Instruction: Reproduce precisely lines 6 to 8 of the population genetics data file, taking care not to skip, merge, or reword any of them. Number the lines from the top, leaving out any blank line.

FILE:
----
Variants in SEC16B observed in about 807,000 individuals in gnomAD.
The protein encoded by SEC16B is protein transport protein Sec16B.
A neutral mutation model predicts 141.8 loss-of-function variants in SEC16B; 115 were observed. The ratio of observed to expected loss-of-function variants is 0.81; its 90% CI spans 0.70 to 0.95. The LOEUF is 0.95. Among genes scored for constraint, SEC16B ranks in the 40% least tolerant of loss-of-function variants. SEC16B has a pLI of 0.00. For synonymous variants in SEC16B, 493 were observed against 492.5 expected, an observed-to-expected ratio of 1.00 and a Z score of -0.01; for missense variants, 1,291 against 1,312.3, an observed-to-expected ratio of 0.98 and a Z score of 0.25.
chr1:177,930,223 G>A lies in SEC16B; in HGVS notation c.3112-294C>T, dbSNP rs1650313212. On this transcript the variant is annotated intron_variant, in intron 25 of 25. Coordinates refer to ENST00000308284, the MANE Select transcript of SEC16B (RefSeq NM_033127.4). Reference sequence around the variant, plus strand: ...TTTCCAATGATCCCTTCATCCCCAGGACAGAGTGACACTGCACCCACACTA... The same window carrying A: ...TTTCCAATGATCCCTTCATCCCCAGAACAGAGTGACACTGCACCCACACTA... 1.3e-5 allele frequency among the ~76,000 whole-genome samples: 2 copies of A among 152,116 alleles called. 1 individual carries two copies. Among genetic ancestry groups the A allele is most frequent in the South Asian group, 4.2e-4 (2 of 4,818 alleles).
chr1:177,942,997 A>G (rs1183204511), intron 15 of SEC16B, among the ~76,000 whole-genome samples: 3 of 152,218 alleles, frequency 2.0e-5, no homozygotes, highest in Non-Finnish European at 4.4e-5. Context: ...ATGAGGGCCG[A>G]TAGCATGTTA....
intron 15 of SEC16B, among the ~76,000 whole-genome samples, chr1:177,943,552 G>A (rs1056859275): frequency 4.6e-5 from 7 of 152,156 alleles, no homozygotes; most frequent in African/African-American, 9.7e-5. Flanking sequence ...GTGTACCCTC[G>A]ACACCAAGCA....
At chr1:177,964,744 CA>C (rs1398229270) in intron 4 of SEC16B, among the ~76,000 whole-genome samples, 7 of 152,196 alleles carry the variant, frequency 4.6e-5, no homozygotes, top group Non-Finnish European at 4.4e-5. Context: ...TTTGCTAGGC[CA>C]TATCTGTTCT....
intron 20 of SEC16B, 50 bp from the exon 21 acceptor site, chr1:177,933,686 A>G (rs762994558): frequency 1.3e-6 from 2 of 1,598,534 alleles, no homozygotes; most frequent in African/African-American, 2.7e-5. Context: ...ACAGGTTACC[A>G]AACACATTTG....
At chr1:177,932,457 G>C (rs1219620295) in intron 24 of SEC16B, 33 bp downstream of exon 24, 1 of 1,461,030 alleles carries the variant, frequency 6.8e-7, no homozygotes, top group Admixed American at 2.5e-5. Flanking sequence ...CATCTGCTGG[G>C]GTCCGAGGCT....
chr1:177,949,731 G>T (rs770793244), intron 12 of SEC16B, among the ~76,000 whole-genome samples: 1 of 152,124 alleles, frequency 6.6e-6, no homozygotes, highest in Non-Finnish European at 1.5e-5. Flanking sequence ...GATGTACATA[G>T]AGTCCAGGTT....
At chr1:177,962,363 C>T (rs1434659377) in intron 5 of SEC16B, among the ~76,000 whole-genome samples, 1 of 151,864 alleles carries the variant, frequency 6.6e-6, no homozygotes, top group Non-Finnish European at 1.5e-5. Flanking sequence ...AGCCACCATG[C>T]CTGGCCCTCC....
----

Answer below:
intron 15 of SEC16B, among the ~76,000 whole-genome samples, chr1:177,943,552 G>A (rs1056859275): frequency 4.6e-5 from 7 of 152,156 alleles, no homozygotes; most frequent in African/African-American, 9.7e-5. Flanking sequence ...GTGTACCCTC[G>A]ACACCAAGCA....
At chr1:177,964,744 CA>C (rs1398229270) in intron 4 of SEC16B, among the ~76,000 whole-genome samples, 7 of 152,196 alleles carry the variant, frequency 4.6e-5, no homozygotes, top group Non-Finnish European at 4.4e-5. Context: ...TTTGCTAGGC[CA>C]TATCTGTTCT....
intron 20 of SEC16B, 50 bp from the exon 21 acceptor site, chr1:177,933,686 A>G (rs762994558): frequency 1.3e-6 from 2 of 1,598,534 alleles, no homozygotes; most frequent in African/African-American, 2.7e-5. Context: ...ACAGGTTACC[A>G]AACACATTTG....